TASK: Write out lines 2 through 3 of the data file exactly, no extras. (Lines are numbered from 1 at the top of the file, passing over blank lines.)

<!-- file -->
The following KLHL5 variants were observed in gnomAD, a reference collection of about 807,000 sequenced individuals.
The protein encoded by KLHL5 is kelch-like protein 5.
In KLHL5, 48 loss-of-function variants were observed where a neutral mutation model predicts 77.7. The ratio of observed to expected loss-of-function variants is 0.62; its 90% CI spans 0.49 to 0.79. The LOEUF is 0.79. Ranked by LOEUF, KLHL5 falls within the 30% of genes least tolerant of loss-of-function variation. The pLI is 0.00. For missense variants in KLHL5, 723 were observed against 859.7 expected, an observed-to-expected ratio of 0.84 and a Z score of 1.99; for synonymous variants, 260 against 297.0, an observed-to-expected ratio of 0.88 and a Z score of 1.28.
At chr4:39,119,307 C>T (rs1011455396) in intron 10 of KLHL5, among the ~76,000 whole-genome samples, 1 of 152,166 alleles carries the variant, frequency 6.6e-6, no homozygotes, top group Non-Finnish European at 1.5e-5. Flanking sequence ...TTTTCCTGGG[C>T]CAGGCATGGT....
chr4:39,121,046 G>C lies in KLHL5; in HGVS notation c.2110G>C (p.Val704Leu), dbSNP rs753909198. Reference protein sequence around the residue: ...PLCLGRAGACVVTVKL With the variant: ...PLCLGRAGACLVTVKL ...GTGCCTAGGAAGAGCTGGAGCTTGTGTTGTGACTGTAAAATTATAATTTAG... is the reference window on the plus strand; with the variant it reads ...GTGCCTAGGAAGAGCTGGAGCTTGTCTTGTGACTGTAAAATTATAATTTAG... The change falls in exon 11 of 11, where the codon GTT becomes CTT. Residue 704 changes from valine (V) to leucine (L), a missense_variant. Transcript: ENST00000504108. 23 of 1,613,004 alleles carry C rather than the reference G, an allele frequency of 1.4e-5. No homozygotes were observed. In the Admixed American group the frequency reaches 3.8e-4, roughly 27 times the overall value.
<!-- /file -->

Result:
The protein encoded by KLHL5 is kelch-like protein 5.
In KLHL5, 48 loss-of-function variants were observed where a neutral mutation model predicts 77.7. The ratio of observed to expected loss-of-function variants is 0.62; its 90% CI spans 0.49 to 0.79. The LOEUF is 0.79. Ranked by LOEUF, KLHL5 falls within the 30% of genes least tolerant of loss-of-function variation. The pLI is 0.00. For missense variants in KLHL5, 723 were observed against 859.7 expected, an observed-to-expected ratio of 0.84 and a Z score of 1.99; for synonymous variants, 260 against 297.0, an observed-to-expected ratio of 0.88 and a Z score of 1.28.